In 1894 occurred an event that for a time threatened the life of the Klute band for on October the twenty-fifth of that year, Mr. Klute died very suddenly. The blow was almost more than the organization could stand. However, the boys managed to stick together until spring with Joe Wurstner as leader, when a number of good citizens came to the rescue by forming a stock company, selling shares at twenty-five dollars each. Louis Kah was secretary and Mr. Laughlin was president of the company. The writer has in his possession one of these shares, dated June 24, 1895.

This is where B. O. Worrell entered the picture. He was on the road with Sells Brothers circus and had been married two or three months and wanted to settle down. The circus he was with happened to be playing Sidney and he entered Burkhardt’s shoe store to inquire about the band situation here. Mr. Burkhardt told him of Mr. Klute’s death some months before and also told him to see Louis Kah. He wrote to Mr. Kah on the following day and three weeks later Worrell was on the job as director of the Klute band.

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The Third Infantry Ohio National Guard Band on the Courthouse steps

Prof. Worrell took hold of matters in so masterful a way that it was not long until the band was getting along nicely and adding new laurels to those previously gained. During Worrell’s time the band played many important jobs at Union City, Piqua, Dayton, Cincinnati, Springfield, Columbus and Lima. On one engagement at Marion, Ohio, in 1899 during a K of P. convention, there were many bands engaged from all over the state. It was at this convention that Mr. Worrell met the then future President Harding who was playing cornet with the Marion band. After Mr. Worrell had been here ten years, he located a position in Ottumwa, Iowa, going there to assume leadership of the Iowa state band. (Sidney Daily News, Oct. 25, 1938)

The Sidney Kiwanis Band: After the death of Henry Klute, the Klute band was taken over by Mr. B. O. Worrell. He directed the band for ten years and then left to assume the leadership of the Iowa State band.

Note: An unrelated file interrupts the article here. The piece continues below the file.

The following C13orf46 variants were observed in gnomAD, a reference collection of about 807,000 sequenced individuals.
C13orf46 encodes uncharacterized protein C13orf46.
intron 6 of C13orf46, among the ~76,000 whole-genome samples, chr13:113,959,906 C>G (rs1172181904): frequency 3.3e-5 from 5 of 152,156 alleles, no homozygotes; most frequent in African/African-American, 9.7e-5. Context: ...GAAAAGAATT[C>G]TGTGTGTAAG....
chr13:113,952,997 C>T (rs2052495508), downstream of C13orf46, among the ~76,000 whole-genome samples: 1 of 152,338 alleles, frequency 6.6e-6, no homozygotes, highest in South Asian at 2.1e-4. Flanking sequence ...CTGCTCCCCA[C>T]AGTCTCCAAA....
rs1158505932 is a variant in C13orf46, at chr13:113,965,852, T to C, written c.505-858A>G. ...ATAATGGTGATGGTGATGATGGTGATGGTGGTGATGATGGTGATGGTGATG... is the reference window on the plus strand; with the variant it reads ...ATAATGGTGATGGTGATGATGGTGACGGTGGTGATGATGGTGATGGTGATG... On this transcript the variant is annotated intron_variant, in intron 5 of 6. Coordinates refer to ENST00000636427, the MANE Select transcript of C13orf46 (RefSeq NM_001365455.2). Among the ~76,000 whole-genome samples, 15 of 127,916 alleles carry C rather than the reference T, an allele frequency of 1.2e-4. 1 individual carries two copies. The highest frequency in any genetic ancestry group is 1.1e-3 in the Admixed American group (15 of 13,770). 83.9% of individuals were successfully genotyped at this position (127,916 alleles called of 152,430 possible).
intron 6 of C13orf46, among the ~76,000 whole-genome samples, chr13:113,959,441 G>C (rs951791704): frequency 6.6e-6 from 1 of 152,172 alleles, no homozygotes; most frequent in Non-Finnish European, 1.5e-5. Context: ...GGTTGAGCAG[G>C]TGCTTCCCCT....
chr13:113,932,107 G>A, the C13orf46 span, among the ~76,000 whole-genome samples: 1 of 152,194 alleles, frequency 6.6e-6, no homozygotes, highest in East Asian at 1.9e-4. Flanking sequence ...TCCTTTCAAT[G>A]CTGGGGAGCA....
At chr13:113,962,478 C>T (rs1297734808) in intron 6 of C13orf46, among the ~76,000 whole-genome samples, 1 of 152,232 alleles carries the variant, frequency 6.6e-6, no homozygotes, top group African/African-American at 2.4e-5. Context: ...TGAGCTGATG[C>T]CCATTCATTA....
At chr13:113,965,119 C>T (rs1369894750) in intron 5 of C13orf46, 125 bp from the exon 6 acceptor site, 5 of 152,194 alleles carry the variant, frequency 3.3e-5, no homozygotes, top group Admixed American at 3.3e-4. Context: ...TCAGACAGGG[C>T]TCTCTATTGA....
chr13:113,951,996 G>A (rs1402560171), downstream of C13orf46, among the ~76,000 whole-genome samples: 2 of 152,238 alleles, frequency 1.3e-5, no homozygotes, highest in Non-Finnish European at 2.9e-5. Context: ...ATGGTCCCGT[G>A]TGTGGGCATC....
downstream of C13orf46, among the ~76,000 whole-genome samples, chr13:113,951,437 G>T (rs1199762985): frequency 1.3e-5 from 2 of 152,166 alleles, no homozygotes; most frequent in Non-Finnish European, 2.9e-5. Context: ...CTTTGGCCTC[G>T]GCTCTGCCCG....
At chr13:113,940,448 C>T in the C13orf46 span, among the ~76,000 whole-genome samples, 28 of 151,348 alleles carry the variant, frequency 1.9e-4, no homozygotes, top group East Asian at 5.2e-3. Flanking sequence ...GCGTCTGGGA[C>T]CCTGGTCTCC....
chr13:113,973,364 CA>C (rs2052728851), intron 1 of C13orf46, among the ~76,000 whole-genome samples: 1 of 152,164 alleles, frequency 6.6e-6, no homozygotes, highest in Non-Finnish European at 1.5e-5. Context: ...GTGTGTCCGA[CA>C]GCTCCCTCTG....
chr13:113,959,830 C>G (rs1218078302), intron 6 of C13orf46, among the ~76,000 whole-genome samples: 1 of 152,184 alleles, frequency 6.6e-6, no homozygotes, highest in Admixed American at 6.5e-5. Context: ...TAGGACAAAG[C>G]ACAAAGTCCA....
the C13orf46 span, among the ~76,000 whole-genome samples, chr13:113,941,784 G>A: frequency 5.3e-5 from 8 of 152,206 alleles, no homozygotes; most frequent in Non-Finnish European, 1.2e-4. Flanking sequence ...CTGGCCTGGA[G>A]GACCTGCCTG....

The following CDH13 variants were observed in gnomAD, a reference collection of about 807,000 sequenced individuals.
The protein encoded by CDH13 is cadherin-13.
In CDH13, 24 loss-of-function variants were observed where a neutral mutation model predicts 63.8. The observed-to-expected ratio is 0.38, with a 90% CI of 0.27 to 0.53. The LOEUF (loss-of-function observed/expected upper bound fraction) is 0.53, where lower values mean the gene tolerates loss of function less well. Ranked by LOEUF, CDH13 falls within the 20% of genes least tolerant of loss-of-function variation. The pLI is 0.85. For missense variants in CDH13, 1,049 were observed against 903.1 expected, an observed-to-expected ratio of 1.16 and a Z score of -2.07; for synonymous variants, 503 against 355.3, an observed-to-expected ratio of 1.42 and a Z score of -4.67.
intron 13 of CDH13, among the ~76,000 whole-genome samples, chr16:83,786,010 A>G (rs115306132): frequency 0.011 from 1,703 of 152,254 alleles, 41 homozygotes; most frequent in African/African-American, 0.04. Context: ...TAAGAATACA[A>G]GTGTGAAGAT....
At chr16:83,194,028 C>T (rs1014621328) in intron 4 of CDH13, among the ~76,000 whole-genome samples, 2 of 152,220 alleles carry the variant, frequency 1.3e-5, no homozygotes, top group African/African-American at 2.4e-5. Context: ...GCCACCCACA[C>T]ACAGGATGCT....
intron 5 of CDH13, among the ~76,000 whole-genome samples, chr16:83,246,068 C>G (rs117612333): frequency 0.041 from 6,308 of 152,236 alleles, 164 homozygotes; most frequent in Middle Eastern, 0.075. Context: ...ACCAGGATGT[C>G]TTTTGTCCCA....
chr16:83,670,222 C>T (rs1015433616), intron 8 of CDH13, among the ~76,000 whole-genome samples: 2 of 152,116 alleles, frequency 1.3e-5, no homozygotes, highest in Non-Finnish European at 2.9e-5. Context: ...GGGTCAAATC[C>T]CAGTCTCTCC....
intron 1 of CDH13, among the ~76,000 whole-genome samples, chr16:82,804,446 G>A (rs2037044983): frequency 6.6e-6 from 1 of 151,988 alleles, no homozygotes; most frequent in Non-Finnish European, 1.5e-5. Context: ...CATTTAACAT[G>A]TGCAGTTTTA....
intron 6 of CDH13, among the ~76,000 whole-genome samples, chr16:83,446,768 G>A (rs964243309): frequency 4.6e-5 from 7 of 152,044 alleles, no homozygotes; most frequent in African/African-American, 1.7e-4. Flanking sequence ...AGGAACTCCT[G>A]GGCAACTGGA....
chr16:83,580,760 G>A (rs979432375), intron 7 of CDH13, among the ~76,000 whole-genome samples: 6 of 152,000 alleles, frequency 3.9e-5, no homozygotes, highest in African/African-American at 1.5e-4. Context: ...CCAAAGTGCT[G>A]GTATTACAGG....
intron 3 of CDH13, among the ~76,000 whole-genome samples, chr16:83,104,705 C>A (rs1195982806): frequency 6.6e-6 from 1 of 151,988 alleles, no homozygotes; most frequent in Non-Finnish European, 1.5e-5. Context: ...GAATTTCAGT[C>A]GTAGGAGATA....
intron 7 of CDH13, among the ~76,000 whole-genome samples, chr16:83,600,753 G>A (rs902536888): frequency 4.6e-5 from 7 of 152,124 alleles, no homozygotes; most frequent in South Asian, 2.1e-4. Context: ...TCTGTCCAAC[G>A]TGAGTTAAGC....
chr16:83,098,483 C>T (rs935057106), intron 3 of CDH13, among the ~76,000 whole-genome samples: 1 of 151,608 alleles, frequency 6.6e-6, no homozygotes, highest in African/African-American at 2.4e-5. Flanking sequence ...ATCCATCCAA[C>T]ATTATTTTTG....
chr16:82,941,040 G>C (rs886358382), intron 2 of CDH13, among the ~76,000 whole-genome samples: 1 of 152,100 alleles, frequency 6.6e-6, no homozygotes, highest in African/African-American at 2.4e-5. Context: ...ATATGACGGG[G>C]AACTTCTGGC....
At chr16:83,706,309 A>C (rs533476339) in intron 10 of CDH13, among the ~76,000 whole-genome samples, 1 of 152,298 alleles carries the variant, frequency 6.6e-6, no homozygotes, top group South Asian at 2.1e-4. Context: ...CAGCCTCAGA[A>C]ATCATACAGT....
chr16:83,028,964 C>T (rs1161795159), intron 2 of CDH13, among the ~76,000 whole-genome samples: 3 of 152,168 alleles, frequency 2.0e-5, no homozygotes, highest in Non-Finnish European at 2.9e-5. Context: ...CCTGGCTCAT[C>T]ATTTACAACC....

Around 1921, he returned to Sidney. According to Mr. Schaefer, the city fathers lamented the fact that Sidney was without a band and the Sidney Kiwanis Band was formed with Prof. Worrell as the leader.

Mr. Schaefer and Sidney resident Thomas Faulkner were members of this band when they represented Ohio at the Kiwanis International convention in Atlanta in May 1923. The Atlanta Constitution newspaper reported that "Ohio does not need to play second fiddle in this line of music to any state in the union."

The big event of the convention week was the opportunity to broadcast a concert over radio station WSB, the Atlanta Journal station. Citizens of Sidney gathered in the high school auditorium to hear the concert featuring a solo by Homer Crusey.  George E. "Tubby" Essington, a former drum major for the Ohio State University Marching Band, was the drum major for the Sidney Kiwanis Band. The newspaper described him as "the most resplendent drum major on earth whose regalia would dim a Mexican general’s uniform."

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The Third Infantry Ohio National Guard Band in 1910

In January 1924 the band gave an outstanding musical program at the Majestic Theatre with every seat being taken except for a few seats down front. There were a number of persons in the large audience from other places who would endeavor to secure the band for a concert at their home cities before the summer season.   Later the title of Sidney Municipal Band was adopted in order to gain financial support from the city council after sponsorship began to wane. In the summer of 1930 the band folded because of the lack of money during the great depression.

Historical society member Art Killian recalls when he took music lessons from Mr. Worrell. Mr. Worrell had rooms on the second floor of the building at the southwest corner of North and Main streets. He remembers Mr. Worrell as a dapper man dressed in white suit, a taskmaster who was always addressed as Mr. Worrell or Professor. (Sidney Daily News, May 26, 1988; Columbus Dispatch, n.d.; personal interviews)

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Sidney Kiwanis Band, 1921, B.O. Worrell, Director